Enough is Enough: Where is the Government’s Sense of Duty in East Palestine?
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- The Bright Side Project
By Emma Buchman, MO Foundation Digital Content Director & Blog Editor
On February 3, fifty train cars derailed in East Palestine, Ohio, a community of about 4,800 people. Five of those cars were carrying vinyl chloride; as Saul Elbein and Sharon Udasin write in The Hill, vinyl chloride is “a combustible precursor to the plastic PVC that — when burned — converts to the lethal gas phosgene, famously used in World War I gas attacks.” Other hazardous materials on board included butyl acrylate, ethylhexyl acrylate, and ethylene glycol monobutyl ether.
The company who owned the train, Norfolk Southern, conducted a controlled burn of the spilt materials at the request of state officials (this is in spite of the concerns of experts from Carnegie Mellon University and the Milken Institute of Public Health). Residents within a 1-mile by 2-mile radius were evacuated on February 6, after concerns rose of a major explosion occurring. These residents were eventually allowed to return on February 9 after the Environmental Protection Agency (EPA) declared that the air quality in the area had returned to normal.
On February 16, EPA Administrator Michael Regan held a press conference where he stated that the families of East Palestine were safe, and that Norfolk Southern would be held accountable for their role in the accident.
These statements are all very assuring… except for the fact that we’ve seen this show before.
Disasters like this are nothing new to us. It was only 36 years ago when the fourth reactor at the Chernobyl Nuclear Power Plant exploded, releasing obscene amounts of radiation across Ukraine, Belarus, and the rest of Europe. For years after the accident, government leadership assured local residents that everything is fine, there’s no radiation here, don’t worry about it.
But that’s not very convincing when Ukrainian farmers are losing their livestock for “no apparent reason,” or when the pigs born on their farms have never-before-seen birth defects. It becomes even less convincing when cancer rates begin to skyrocket in the regions around the plant, particularly amongst children.
But of course, one of the most tragic aspects of the Chernobyl story is that there would not have been a Chernobyl without the myriad opportunities that the government had to prevent it.
It appears that the U.S. government is following that lead.
Residents in East Palestine are complaining of physical symptoms like headaches, nausea, and a burning sensation in their eyes. They are saying that their beloved pets are dying suddenly. Scores of dead fish are floating down streams, with the Ohio Department of Natural Resources estimating 3,500 small fish who were killed by the spill as of February 8.
There is clearly something in the water. There is video evidence from residents that shows this: a single rock thrown into a creek bed raising a thick film of god knows what to the surface of the water.
While we appreciate their quick action in evacuating residents, clearly not enough is being done either to assuage their fears, or to truly keep them safe. We don’t really know. We’re all hearing one thing out of the mouths of government officials, but you only have to open TikTok or Reddit to see East Palestine residents still suffering from the impacts of the incident. Given the government’s track record, we’re obviously going to believe the community members who are actually there.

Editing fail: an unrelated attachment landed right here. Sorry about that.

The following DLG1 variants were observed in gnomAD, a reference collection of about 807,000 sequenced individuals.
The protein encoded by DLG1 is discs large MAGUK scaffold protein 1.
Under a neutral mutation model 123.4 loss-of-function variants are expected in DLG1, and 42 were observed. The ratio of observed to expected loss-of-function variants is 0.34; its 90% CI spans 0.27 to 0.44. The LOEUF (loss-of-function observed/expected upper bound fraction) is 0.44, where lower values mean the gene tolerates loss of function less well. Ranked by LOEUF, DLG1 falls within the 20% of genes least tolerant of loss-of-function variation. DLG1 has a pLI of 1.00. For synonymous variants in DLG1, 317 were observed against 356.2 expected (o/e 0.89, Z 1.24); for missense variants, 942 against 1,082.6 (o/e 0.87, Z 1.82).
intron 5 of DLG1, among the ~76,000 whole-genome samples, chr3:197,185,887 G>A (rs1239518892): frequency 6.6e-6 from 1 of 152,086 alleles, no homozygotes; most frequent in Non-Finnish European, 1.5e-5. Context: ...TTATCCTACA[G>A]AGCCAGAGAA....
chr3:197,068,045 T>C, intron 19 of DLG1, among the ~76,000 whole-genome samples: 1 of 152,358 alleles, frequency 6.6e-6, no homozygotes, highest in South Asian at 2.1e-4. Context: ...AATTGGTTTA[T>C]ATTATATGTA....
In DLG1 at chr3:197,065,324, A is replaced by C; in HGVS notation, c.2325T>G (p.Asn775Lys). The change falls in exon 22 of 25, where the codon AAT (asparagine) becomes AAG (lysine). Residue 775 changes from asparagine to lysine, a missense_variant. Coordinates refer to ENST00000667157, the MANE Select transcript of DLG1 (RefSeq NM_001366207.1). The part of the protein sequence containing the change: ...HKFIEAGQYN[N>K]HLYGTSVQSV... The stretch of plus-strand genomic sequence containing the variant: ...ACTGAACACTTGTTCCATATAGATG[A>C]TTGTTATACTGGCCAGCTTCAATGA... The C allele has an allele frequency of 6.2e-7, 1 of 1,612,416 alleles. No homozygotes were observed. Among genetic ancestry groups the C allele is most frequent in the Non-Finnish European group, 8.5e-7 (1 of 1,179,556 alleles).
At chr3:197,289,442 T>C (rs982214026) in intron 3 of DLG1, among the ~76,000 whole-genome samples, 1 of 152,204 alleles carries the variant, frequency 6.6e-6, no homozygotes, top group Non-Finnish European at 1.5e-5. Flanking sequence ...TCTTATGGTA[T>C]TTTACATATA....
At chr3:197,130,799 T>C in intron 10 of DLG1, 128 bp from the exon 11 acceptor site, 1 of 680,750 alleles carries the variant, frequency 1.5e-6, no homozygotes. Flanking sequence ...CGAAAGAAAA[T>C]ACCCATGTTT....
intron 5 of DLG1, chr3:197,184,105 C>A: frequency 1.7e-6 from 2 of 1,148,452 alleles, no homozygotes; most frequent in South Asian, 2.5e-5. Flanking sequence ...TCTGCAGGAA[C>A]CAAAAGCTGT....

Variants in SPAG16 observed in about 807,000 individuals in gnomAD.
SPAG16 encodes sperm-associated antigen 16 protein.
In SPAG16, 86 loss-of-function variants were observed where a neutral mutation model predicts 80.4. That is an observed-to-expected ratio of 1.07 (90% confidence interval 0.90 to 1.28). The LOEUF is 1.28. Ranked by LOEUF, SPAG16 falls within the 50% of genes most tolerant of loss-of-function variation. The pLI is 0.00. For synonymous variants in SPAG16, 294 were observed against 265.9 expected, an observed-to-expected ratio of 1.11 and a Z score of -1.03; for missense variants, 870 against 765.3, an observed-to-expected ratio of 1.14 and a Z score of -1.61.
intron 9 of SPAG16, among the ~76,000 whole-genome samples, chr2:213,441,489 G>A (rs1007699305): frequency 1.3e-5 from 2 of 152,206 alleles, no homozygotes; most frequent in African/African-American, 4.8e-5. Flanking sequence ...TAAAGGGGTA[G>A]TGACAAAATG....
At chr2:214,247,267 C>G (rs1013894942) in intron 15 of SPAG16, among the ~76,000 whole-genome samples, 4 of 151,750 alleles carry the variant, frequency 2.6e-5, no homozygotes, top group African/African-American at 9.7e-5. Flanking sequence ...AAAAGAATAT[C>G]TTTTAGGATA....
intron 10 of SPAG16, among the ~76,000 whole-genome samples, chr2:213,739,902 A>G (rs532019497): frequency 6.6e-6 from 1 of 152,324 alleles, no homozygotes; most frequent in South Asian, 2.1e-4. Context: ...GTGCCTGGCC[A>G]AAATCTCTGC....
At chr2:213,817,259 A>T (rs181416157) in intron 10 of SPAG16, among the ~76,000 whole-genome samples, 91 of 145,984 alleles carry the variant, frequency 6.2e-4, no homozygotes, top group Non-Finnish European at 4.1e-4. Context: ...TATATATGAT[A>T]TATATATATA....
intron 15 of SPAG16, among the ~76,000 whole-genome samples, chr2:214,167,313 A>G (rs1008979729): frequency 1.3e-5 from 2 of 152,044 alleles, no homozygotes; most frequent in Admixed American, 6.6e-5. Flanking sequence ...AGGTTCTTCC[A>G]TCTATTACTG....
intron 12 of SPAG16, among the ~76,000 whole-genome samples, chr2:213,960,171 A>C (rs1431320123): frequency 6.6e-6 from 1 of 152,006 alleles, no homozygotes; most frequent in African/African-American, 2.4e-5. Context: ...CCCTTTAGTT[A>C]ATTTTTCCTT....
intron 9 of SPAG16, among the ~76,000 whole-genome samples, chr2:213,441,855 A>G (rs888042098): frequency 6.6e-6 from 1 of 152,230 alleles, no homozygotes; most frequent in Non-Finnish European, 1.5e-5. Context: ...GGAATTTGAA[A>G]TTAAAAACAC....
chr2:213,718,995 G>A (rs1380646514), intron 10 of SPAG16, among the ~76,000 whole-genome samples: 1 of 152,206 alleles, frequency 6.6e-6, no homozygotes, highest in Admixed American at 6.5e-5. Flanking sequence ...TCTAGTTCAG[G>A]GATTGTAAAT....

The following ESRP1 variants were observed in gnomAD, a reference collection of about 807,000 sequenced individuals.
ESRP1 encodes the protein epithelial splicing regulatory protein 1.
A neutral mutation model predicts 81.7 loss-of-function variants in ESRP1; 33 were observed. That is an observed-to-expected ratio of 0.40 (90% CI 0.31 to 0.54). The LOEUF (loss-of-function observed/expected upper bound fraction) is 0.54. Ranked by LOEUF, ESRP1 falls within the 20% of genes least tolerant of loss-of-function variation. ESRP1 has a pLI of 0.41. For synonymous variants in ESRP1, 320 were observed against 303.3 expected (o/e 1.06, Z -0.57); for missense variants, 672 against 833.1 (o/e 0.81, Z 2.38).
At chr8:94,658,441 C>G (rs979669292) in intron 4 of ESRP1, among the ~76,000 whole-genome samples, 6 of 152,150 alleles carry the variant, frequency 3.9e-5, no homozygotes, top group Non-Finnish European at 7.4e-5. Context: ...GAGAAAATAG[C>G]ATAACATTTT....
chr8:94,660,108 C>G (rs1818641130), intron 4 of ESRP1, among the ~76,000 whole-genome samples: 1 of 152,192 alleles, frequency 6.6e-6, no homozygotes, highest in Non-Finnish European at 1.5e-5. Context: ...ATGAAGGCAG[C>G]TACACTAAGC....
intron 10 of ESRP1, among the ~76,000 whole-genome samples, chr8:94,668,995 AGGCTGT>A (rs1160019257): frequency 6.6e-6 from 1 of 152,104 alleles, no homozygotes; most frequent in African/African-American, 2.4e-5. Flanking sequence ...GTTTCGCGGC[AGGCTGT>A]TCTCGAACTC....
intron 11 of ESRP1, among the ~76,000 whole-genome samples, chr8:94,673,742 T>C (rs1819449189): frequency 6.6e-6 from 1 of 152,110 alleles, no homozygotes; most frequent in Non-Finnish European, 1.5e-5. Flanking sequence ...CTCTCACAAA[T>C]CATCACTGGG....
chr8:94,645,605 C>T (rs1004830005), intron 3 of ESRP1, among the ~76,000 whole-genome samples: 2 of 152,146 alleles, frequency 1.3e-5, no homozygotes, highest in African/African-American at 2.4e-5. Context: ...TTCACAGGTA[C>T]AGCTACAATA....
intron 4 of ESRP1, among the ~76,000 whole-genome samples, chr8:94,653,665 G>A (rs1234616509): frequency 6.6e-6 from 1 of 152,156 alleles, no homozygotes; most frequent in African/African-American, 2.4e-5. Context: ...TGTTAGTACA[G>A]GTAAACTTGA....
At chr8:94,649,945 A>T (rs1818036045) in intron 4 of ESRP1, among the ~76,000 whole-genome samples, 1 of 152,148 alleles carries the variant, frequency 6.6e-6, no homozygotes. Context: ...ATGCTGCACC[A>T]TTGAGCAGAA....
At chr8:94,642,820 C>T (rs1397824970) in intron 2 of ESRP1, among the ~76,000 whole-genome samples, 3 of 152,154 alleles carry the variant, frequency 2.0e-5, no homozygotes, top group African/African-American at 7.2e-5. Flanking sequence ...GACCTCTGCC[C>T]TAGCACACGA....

And of course, there is the prevention aspect. This accident should not come as a shock to anyone, least of all the federal government. In addition to East Palestine, there are over 1700 reported train derailments every year; in 2022, 18 of those trains were carrying hazardous materials. Less than two weeks after the catastrophic derailment in Ohio, there was another derailment in Houston, TX. Additionally, according to Environmental Health News,
“Rail workers have been warning that such an accident is imminent for months. In December, the rail workers’ union, Rail Workers United, tried to strike over… management changes they say cut inspection times short, making it more likely that a disaster like this one would occur — an attempt that was shut down by President Joe Biden.”
These safety concerns and reports from whistleblowers and railroad workers go back years. The federal government has repeatedly, under both Democratic and Republican leadership, sided with lobbying groups representing large train and chemical companies over their own safety board. In the early 2010s, the National Transportation Safety Board (NTSB) pushed the Obama administration to expand the kinds of materials that would be applicable under new safety regulations they were creating. The NTSB, the government’s own department that oversees the safety of our transit systems, ultimately lost that battle to a lobbying group from the chemical industry.
While the new regulations under Obama did strengthen the braking requirements for some trains carrying hazardous materials, this small victory was obliterated by the following administration. According to The New York Times, “After a 2016 campaign in which rail industry donors poured more than $6 million into G.O.P. campaign coffers, President Donald Trump repealed the brake rule, and the Biden administration has failed to restore it.”